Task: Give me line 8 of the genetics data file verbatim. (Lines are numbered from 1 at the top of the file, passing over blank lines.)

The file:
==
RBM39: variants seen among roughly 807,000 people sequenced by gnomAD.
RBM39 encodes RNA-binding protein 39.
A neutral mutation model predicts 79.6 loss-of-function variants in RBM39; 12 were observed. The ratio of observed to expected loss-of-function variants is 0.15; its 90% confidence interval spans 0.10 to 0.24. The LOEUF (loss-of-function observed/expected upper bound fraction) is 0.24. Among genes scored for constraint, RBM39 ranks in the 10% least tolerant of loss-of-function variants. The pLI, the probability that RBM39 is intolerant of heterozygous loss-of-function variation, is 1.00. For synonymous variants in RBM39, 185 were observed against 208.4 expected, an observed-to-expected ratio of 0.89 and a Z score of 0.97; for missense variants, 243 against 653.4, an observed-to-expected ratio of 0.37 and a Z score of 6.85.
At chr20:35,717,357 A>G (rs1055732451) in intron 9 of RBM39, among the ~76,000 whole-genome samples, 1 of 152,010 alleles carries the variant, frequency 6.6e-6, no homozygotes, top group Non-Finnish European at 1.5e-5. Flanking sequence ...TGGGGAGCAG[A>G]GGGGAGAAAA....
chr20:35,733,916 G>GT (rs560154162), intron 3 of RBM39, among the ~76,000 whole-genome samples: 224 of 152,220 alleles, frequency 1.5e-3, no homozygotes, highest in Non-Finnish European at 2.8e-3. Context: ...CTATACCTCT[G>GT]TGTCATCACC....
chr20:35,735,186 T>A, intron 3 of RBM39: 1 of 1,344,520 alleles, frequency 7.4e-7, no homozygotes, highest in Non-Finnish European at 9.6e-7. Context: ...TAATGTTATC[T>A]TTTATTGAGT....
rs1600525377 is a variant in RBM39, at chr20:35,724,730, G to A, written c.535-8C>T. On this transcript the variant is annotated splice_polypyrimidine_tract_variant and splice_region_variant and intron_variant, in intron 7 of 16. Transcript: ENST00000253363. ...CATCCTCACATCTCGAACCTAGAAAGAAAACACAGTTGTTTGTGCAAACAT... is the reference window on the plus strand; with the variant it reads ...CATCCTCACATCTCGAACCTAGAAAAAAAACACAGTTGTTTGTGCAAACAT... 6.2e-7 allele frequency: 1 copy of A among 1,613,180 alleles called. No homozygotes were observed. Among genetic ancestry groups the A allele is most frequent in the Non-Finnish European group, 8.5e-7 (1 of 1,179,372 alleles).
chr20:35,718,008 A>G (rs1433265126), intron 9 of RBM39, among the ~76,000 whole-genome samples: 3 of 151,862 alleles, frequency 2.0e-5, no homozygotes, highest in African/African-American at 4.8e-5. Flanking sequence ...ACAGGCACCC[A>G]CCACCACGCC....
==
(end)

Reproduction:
chr20:35,718,008 A>G (rs1433265126), intron 9 of RBM39, among the ~76,000 whole-genome samples: 3 of 151,862 alleles, frequency 2.0e-5, no homozygotes, highest in African/African-American at 4.8e-5. Flanking sequence ...ACAGGCACCC[A>G]CCACCACGCC....